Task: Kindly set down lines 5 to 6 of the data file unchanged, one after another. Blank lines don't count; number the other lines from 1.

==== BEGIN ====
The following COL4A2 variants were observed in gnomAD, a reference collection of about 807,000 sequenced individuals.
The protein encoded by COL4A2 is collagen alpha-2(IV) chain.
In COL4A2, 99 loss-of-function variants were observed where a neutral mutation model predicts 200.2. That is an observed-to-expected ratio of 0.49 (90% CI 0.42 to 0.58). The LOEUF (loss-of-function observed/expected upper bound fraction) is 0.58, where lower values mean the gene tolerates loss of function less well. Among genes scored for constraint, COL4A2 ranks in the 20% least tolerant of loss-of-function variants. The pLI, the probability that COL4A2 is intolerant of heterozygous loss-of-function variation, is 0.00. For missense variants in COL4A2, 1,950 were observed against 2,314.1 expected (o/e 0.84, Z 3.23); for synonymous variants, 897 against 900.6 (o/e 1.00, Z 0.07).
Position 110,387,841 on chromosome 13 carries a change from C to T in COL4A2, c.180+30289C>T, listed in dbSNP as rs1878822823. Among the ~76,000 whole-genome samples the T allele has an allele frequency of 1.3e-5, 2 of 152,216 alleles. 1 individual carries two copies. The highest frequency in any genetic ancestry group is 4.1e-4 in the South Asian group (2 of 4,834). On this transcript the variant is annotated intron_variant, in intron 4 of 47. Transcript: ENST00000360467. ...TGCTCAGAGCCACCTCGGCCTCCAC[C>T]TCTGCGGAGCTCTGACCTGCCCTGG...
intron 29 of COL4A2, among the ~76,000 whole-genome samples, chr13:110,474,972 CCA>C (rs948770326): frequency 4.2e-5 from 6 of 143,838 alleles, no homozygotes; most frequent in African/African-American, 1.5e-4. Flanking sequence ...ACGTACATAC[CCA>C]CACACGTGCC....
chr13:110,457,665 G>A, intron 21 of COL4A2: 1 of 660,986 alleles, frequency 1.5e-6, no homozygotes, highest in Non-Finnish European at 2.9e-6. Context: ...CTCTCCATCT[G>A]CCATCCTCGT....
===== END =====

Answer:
intron 29 of COL4A2, among the ~76,000 whole-genome samples, chr13:110,474,972 CCA>C (rs948770326): frequency 4.2e-5 from 6 of 143,838 alleles, no homozygotes; most frequent in African/African-American, 1.5e-4. Flanking sequence ...ACGTACATAC[CCA>C]CACACGTGCC....
chr13:110,457,665 G>A, intron 21 of COL4A2: 1 of 660,986 alleles, frequency 1.5e-6, no homozygotes, highest in Non-Finnish European at 2.9e-6. Context: ...CTCTCCATCT[G>A]CCATCCTCGT....